However, President Santos’ plans for peace received a setback last month when a national referendum narrowly rejected a deal he had negotiated over four years with the FARC.
Despite this setback, now armed with a new deal which he plans on taking to Congress, the President cuts an energetic and confident figure.
Photo: Simon Bolivar and the PeaceDoves, Bogota, November 2016. (Greg Mills)
From the perspective of Bogota’s Casa de Nariño Presidential Palace, the referendum loss has been “a blessing in disguise”, enabling “a much better agreement with much wider support”. The “50:50 national division” has “given us an opportunity to have a national dialogue”, he notes, “allowing us to go to the next difficult job, the construction of peace”.
As both he and Minister Villegas acknowledge, Colombia is not a perfect country. “It’s full of problems,” they say. For one, coca production is rising once more, giving the guerrillas, in or out of uniform, considerable resources.
But there are other fundamental concerns.
Nelson Mandela suggested in 1986 to the Commonwealth Eminent Persons Group that he, and the ANC, should be made part of the solution and not just the problem, a message he wanted the then South African government to hear.
Still, the biggest challenge for getting a peace to stick, Africa teaches, is not to get carried away with the short-term transactionalism of the deal, but instead to focus on a long-term developmental agenda. At its core this requires going beyond substituting one set of elites for another; instead, necessitating genuine, competitive economic reforms. It demands a focus on the rural areas, often neglected by governments since these are usually considered too far from the centres of power. Such a reform agenda has to focus on transparency, and regulatory process, and avoid excusing bad behaviour for past wrongs, without which it is difficult to draw boundaries between the party, personal and the political, between family, tribal, religious and party interests and public obligations.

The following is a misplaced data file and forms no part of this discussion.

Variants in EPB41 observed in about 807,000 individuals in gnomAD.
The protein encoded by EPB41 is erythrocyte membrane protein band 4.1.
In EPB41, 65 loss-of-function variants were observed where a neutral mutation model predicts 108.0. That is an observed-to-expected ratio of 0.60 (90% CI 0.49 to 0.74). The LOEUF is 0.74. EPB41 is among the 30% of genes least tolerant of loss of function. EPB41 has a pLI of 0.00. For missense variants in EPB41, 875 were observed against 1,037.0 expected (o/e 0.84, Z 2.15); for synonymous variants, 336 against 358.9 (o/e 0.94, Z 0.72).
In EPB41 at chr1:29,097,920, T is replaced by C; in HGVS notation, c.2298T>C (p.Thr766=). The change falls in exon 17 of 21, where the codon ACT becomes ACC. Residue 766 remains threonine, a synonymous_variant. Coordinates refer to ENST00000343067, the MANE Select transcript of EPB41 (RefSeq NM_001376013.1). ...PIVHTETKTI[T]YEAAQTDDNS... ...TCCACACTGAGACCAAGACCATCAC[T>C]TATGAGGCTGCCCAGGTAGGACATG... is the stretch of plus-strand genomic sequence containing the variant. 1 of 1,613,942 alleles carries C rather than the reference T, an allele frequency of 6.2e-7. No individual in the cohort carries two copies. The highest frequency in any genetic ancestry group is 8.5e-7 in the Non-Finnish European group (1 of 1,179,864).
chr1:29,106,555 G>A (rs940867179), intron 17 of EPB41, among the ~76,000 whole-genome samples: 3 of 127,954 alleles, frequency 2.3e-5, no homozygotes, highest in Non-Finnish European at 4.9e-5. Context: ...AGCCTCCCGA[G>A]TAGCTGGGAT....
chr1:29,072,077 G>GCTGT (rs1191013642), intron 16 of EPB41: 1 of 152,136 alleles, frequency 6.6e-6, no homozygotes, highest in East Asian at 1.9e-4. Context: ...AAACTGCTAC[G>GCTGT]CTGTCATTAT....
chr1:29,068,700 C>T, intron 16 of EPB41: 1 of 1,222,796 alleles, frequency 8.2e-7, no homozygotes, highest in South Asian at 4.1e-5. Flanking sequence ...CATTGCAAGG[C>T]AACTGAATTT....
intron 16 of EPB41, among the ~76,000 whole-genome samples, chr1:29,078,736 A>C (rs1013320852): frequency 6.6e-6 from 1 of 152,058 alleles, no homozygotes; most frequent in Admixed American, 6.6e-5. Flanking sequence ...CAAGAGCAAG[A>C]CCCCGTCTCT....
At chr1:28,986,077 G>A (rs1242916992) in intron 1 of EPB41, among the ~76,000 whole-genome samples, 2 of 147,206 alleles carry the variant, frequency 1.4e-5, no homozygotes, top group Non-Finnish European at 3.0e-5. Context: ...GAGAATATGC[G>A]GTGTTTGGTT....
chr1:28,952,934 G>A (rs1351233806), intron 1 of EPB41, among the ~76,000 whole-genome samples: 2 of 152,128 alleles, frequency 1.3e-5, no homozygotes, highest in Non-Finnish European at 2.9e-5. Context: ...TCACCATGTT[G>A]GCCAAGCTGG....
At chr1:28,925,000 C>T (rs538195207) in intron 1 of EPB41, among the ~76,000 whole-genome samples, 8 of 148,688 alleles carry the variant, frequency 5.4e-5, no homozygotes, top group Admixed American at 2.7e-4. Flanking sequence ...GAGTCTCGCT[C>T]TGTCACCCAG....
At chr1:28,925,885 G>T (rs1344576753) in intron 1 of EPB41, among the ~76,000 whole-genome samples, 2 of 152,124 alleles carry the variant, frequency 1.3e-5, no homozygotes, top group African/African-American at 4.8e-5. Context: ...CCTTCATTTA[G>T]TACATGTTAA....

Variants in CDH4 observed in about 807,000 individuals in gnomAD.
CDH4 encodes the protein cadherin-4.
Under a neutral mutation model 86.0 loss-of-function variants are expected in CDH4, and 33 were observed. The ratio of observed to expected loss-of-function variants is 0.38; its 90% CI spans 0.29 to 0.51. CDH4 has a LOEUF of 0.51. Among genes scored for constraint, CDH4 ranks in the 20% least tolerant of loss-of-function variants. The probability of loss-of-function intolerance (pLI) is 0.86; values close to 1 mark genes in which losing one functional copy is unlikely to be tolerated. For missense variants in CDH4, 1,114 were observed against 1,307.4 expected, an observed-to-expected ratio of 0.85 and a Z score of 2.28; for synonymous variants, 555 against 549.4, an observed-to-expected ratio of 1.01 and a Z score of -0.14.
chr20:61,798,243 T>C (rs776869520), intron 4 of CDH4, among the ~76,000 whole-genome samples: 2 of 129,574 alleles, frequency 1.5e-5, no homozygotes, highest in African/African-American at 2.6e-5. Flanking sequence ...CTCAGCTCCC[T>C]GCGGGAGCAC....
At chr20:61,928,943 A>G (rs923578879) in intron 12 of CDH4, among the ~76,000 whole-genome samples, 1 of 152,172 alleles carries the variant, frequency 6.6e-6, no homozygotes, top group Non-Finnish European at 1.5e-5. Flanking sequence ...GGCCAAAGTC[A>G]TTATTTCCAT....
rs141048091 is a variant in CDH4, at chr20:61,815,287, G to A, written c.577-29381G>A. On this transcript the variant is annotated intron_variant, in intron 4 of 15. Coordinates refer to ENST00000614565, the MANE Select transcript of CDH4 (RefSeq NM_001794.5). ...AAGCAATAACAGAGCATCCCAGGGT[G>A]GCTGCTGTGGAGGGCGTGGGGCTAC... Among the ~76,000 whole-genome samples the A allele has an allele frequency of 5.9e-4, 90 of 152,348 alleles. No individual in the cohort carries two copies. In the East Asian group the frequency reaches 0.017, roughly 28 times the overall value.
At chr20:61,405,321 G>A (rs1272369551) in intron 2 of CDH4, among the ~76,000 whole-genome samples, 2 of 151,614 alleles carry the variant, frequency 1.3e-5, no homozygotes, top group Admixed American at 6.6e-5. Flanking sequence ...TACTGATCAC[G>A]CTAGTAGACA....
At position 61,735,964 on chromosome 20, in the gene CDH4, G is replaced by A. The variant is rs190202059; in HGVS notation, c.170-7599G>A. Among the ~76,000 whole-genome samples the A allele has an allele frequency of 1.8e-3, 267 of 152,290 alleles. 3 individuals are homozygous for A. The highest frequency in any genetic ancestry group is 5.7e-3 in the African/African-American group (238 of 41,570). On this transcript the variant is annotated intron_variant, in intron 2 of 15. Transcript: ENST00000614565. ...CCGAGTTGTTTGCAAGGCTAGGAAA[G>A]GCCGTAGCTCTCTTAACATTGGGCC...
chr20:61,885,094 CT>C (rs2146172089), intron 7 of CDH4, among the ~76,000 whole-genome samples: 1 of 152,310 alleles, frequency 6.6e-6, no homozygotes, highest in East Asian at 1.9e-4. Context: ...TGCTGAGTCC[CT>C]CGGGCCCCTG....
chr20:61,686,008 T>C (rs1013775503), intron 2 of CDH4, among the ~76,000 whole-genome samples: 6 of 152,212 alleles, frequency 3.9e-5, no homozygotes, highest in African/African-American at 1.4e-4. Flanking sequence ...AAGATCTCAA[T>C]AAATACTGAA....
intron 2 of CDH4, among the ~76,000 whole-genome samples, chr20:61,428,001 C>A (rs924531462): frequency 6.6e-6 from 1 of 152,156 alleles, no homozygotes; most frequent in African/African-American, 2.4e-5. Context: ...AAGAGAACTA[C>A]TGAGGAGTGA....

Changing the external narrative from war to peace, and in so doing reducing business risk, also takes time. For many, despite the enormous gains, the mental image of Colombia is that of Netflix’s Narcos, epitomised by Pablo Escobar, and not the country of prosperity and peace.
From the white dove on his lapel to the dove-shaped biscuits on offer in the Casa de Nariño, peace is the Santos presidential brand. As he puts it, “There is no more sublime objective than to live in peace.” It’s also illustrative of that Colombian attention to detail again. As the President argues, “Usually, if you plan well, things go better.”
As this statement implicitly points out, however, there is something else, too, that makes Colombia’s turnaround story resonate beyond the Americas. The security transformation which underpins the peace deal relied on encouraging formidable human capacity – from Tolemaida to the Casa de Nariño. DM
President Obasanjo, Dr Mills and Major-General (rtd) Davis are among the co-authors of ¿UN GRAN QUIZÁS? Colombia: Conflicto y convergencia, which was launched by The Brenthurst Foundation in Bogotá this month.
Main Photo: Colombian President Juan Manuel Santos, speaks during a press conference at Palacio de Narino, in Bogota, Colombia, 03 October 2016, one day after Colombians narrowly voted ‘no’ in the referendum on the peace deal between the Colombian government and the FARC rebel group. EPA/MAURICIO DUENAS CASTANEDA